BEIJING (Reuters) - China has made clear that a pilot programme teaching traditional Peking Opera in schools would not be compulsory after it drew criticism from Internet users who said forced instruction would turn students off.
China’s Education Ministry said classic and modern Peking Opera pieces added to the music curriculum at 200 schools in 10 provinces for the new semester in March were only “a promotional course” to help students better appreciate Chinese culture.
“The opera classes are by no means a nationwide compulsory class, but pilot programmes implemented in certain schools from March to July,” Xinhua news agency quoted Education Ministry spokesman Wang Xuming as saying.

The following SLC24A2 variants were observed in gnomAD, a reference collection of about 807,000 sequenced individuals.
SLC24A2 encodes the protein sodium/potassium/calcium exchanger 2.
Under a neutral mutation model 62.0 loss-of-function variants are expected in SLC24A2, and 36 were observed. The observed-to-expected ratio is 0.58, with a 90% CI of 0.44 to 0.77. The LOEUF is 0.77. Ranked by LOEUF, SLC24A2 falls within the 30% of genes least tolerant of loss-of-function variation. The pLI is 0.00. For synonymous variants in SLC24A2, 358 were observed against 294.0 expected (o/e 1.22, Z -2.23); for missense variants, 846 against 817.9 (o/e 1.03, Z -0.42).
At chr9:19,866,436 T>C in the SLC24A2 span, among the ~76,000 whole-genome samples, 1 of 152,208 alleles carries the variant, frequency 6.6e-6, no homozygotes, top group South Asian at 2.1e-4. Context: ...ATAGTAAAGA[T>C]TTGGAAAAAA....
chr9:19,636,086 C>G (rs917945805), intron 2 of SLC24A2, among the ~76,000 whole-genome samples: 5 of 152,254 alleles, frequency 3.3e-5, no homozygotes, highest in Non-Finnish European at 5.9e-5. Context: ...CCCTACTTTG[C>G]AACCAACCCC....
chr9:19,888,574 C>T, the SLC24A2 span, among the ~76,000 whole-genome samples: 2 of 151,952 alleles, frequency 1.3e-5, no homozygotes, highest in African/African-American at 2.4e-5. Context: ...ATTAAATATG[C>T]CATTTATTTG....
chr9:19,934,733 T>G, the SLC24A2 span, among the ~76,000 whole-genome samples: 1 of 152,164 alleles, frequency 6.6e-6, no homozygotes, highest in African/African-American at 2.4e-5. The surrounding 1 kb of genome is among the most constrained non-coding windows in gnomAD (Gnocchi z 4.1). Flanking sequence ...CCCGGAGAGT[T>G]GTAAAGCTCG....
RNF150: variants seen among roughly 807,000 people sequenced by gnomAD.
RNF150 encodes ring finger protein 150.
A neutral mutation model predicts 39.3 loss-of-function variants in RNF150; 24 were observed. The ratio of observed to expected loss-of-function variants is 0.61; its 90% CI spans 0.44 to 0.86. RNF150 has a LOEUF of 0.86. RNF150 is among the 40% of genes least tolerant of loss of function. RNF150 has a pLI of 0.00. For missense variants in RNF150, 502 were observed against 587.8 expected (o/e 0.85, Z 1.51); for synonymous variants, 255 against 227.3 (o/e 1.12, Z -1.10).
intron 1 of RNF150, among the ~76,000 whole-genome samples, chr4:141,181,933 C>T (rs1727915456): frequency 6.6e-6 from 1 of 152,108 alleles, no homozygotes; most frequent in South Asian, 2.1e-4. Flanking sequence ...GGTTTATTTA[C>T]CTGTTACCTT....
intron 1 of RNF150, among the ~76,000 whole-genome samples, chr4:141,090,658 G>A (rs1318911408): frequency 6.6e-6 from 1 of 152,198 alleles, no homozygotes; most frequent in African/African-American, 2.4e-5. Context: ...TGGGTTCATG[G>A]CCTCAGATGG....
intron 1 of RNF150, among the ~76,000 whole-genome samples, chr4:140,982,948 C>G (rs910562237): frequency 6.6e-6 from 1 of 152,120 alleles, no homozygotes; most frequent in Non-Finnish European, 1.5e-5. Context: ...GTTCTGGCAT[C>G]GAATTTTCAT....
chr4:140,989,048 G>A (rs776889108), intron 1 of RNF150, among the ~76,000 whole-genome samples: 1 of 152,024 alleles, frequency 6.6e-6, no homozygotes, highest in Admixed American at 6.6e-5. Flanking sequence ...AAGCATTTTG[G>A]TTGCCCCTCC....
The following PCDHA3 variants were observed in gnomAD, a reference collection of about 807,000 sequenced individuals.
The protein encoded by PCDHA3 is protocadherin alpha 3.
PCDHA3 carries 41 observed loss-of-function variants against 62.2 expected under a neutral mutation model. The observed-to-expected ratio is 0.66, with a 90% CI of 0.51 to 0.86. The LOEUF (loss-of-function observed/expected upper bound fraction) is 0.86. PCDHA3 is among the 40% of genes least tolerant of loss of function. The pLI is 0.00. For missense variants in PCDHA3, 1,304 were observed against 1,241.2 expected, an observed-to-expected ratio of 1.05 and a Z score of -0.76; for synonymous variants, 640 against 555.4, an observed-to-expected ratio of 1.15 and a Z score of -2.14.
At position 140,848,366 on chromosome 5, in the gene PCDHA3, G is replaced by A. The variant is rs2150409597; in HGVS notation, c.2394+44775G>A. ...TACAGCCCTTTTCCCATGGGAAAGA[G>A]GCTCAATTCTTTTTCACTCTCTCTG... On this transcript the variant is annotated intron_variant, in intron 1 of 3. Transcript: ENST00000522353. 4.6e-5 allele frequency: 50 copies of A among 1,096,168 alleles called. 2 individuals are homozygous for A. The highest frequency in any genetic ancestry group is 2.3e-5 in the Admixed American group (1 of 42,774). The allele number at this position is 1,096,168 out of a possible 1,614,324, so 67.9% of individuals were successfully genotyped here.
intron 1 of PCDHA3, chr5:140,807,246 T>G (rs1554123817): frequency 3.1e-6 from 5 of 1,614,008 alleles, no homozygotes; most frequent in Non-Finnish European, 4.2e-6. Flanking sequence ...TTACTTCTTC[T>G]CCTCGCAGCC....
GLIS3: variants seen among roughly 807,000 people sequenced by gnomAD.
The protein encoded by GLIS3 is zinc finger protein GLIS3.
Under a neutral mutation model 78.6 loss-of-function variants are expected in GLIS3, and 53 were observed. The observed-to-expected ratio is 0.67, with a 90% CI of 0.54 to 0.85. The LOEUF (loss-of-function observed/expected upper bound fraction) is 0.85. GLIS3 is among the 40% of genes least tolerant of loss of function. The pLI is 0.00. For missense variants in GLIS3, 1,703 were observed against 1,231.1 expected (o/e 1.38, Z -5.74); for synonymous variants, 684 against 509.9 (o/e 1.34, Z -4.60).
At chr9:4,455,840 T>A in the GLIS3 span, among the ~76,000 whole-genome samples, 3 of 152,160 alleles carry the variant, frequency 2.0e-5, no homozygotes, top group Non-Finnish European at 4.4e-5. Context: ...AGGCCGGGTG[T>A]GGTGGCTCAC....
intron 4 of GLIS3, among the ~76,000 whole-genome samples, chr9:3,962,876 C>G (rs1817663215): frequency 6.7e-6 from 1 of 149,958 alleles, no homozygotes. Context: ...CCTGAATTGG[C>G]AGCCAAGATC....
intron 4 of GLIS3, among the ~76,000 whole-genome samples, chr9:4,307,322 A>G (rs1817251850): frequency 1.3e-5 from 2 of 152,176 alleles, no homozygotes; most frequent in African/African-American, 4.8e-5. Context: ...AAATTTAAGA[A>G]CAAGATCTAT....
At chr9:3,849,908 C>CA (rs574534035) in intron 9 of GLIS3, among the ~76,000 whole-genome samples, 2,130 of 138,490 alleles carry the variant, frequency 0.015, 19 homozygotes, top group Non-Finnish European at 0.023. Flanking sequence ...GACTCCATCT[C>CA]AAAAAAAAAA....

Wang said the programme was still under trial and his ministry would solicit opinions from all circles.
The course had drawn fire from some Internet users, and media commentaries had questioned how music teachers, themselves untrained in Peking Opera, would educate students in the complex gestures and trilling vocals.
Chinese education authorities have been criticised for other attempts to give students’ a broader scope of learning.
Parents in Zhengzhou, capital of China’s central province of Henan, had voiced concerns that a compulsory course teaching children “Shaolin boxing” -- a martial art created by the region’s famous Shaolin Temple -- might lead to children becoming more violent, Tuesday’s China Daily said.
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